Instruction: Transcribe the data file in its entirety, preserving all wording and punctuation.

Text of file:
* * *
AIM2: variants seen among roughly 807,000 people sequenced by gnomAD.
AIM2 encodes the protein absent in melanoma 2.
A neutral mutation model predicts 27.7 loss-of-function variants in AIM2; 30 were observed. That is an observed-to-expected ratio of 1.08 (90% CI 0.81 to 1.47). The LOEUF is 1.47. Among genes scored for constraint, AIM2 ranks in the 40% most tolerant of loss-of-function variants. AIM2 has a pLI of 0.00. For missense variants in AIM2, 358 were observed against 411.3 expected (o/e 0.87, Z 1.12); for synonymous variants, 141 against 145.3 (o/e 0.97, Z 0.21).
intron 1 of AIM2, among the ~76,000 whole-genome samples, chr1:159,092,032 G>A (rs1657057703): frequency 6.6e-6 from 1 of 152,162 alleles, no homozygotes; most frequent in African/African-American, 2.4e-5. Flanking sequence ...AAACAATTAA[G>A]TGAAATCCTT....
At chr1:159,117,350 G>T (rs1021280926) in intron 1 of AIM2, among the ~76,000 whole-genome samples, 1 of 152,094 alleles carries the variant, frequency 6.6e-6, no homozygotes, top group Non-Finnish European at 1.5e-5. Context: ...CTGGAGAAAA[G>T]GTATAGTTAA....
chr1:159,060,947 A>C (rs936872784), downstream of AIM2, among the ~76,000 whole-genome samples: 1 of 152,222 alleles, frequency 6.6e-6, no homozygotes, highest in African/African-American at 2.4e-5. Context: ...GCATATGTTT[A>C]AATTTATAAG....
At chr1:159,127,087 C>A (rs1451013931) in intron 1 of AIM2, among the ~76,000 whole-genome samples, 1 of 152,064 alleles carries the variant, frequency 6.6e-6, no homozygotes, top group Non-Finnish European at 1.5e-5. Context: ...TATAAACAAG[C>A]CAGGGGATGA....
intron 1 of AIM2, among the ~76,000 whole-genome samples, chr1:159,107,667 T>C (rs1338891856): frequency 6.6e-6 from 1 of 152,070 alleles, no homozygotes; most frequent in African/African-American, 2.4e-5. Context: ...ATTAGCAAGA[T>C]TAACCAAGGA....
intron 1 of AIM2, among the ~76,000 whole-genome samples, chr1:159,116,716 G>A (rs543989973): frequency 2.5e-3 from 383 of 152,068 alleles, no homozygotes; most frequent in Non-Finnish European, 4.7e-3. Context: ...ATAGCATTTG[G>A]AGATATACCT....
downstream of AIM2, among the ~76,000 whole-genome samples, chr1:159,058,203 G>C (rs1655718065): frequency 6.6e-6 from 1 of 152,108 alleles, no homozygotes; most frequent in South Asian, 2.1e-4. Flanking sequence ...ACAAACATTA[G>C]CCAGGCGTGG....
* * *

AIM2: variants seen among roughly 807,000 people sequenced by gnomAD.
AIM2 encodes the protein absent in melanoma 2.
A neutral mutation model predicts 27.7 loss-of-function variants in AIM2; 30 were observed. That is an observed-to-expected ratio of 1.08 (90% CI 0.81 to 1.47). The LOEUF is 1.47. Among genes scored for constraint, AIM2 ranks in the 40% most tolerant of loss-of-function variants. AIM2 has a pLI of 0.00. For missense variants in AIM2, 358 were observed against 411.3 expected (o/e 0.87, Z 1.12); for synonymous variants, 141 against 145.3 (o/e 0.97, Z 0.21).
intron 1 of AIM2, among the ~76,000 whole-genome samples, chr1:159,092,032 G>A (rs1657057703): frequency 6.6e-6 from 1 of 152,162 alleles, no homozygotes; most frequent in African/African-American, 2.4e-5. Flanking sequence ...AAACAATTAA[G>A]TGAAATCCTT....
At chr1:159,117,350 G>T (rs1021280926) in intron 1 of AIM2, among the ~76,000 whole-genome samples, 1 of 152,094 alleles carries the variant, frequency 6.6e-6, no homozygotes, top group Non-Finnish European at 1.5e-5. Context: ...CTGGAGAAAA[G>T]GTATAGTTAA....
chr1:159,060,947 A>C (rs936872784), downstream of AIM2, among the ~76,000 whole-genome samples: 1 of 152,222 alleles, frequency 6.6e-6, no homozygotes, highest in African/African-American at 2.4e-5. Context: ...GCATATGTTT[A>C]AATTTATAAG....
At chr1:159,127,087 C>A (rs1451013931) in intron 1 of AIM2, among the ~76,000 whole-genome samples, 1 of 152,064 alleles carries the variant, frequency 6.6e-6, no homozygotes, top group Non-Finnish European at 1.5e-5. Context: ...TATAAACAAG[C>A]CAGGGGATGA....
intron 1 of AIM2, among the ~76,000 whole-genome samples, chr1:159,107,667 T>C (rs1338891856): frequency 6.6e-6 from 1 of 152,070 alleles, no homozygotes; most frequent in African/African-American, 2.4e-5. Context: ...ATTAGCAAGA[T>C]TAACCAAGGA....
intron 1 of AIM2, among the ~76,000 whole-genome samples, chr1:159,116,716 G>A (rs543989973): frequency 2.5e-3 from 383 of 152,068 alleles, no homozygotes; most frequent in Non-Finnish European, 4.7e-3. Context: ...ATAGCATTTG[G>A]AGATATACCT....
downstream of AIM2, among the ~76,000 whole-genome samples, chr1:159,058,203 G>C (rs1655718065): frequency 6.6e-6 from 1 of 152,108 alleles, no homozygotes; most frequent in South Asian, 2.1e-4. Flanking sequence ...ACAAACATTA[G>C]CCAGGCGTGG....